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I have a table including the columns (int id pkey, int group, double sortOrder) where sortOrder implements a user-specified sort order within one group. On some modifications, I need to re-number the sort order of all items in the group. SortOrder values in different groups are independen of each other (i.e. they are only ever compared within one group)

SELECT id, sortOrder FROM tbl WHERE group=X ORDER BY SortOrder

Gives me all elements in that group, in the current order, in whch I would have to assign sequential values (1, 2, 3, ...) to SortOrder.

Q: Is there any reasonable way - preferrably portable to other SQL implementations - to do that without updating every row individually?


More info: I am using doubles, because that allows to trivially assign a new sort order without modifying other items (MIN-1 for before, MIN+1 for insert at end, and (A+B)/2 for inserting between A and B.) - this is limited of course by double resolution (~52 inserts in the worst case). I'm not sure yet if this is worth the additional checking for overflow, but I'd have the same problem with any other data type anyway.

The only other idea I came up with was simulating infinite resolution with strings and custom COLLATE and ADD/SUB/AVG functions. However, this seems immensely non-portable.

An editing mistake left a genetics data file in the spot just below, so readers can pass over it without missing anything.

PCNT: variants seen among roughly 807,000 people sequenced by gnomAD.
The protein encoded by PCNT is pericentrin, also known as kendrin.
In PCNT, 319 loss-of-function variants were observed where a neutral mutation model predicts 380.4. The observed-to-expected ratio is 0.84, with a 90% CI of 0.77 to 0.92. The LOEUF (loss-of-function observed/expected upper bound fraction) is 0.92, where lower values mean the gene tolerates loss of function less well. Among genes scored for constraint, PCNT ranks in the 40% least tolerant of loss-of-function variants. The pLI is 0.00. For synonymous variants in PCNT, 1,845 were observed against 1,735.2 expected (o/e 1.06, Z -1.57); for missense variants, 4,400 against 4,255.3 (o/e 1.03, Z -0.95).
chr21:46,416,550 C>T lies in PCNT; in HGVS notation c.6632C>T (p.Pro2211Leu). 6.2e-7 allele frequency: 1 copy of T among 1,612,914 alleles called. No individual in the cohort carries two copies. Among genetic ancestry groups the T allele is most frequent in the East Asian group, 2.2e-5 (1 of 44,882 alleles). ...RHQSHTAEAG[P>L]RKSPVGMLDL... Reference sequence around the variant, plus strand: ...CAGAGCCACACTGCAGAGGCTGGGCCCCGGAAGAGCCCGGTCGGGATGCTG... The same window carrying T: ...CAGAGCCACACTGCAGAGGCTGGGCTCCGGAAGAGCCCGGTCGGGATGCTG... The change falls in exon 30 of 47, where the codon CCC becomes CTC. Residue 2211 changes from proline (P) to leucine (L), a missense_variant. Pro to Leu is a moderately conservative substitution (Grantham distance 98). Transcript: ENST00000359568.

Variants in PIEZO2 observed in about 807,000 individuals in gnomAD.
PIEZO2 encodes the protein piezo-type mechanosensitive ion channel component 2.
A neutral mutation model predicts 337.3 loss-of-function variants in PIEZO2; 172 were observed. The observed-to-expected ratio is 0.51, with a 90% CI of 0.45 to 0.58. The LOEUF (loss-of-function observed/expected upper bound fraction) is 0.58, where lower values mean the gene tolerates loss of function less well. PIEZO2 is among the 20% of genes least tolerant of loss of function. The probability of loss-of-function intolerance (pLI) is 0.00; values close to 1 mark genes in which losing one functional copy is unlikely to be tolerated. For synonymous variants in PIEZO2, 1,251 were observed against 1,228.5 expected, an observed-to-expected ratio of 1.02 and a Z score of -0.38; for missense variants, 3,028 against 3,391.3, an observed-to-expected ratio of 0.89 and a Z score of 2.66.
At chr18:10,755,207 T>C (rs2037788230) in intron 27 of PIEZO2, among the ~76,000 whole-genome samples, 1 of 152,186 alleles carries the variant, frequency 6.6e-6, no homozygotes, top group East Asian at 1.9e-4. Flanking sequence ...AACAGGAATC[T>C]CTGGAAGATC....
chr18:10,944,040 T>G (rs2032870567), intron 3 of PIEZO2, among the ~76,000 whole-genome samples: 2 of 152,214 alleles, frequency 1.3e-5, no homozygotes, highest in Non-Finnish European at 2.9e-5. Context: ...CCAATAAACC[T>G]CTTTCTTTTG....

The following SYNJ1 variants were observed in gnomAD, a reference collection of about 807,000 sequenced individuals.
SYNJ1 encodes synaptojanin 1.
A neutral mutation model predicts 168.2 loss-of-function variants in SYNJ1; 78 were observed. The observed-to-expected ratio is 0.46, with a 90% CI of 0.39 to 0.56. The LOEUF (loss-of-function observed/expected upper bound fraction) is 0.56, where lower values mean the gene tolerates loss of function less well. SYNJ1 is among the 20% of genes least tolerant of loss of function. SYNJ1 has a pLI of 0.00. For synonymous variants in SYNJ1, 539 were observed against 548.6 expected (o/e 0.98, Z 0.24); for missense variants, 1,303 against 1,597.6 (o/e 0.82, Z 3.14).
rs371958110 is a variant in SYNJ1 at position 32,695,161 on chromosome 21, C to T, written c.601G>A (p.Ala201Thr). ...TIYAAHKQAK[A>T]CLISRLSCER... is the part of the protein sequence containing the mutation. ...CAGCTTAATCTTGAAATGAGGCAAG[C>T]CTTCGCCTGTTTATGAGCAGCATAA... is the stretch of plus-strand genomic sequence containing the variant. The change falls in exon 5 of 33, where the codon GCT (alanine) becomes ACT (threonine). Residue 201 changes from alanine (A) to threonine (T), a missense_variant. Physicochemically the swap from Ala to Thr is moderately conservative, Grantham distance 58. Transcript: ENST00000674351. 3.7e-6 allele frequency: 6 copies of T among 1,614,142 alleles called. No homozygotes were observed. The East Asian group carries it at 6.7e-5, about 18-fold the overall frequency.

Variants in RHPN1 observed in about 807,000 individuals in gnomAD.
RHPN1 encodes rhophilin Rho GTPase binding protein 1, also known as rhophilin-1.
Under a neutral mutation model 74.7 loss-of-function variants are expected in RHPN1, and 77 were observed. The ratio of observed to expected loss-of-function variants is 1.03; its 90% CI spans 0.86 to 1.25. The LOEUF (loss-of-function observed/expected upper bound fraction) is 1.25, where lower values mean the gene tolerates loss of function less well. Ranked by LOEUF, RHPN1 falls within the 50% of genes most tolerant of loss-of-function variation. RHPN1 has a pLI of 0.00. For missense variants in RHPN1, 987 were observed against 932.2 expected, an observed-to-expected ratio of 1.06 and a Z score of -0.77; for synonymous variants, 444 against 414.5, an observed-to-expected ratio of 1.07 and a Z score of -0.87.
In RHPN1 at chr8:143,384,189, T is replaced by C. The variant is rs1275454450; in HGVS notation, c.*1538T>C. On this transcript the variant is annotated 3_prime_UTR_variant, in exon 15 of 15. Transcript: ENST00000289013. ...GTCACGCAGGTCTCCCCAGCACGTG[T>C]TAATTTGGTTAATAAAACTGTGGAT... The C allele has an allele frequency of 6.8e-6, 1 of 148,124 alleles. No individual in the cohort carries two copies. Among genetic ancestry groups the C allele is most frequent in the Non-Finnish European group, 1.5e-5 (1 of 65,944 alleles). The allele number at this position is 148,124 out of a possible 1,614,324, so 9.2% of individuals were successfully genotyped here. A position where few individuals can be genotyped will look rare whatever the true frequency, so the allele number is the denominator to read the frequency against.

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1 Answer 1

up vote 1 down vote accepted

I don't believe that SQLite has a trivial way of doing this.

What you may be better looking at (if this really is a concern) is sticking with integer sorting and implementing an algorithm that maintains the sequence.

If, for example, all changes to sorting involve moving an item up/down one place, you just need to swap the sort orders of both values...

UPDATE table
SET sort_order = CASE WHEN sort_order = 3 THEN 4 ELSE 3 END
WHERE sort_order IN (3,4)

Or if you can move an item to any position, use something like...

UPDATE table
SET sort_order = CASE WHEN sort_order = @old THEN @new ELSE sort_order + 1
WHERE sort_order >= @new AND sort_order <= @old

I'm aware that you said that you don't want to update other items each time, but this has actually proven to be pretty efficient in most cases for me in the past.

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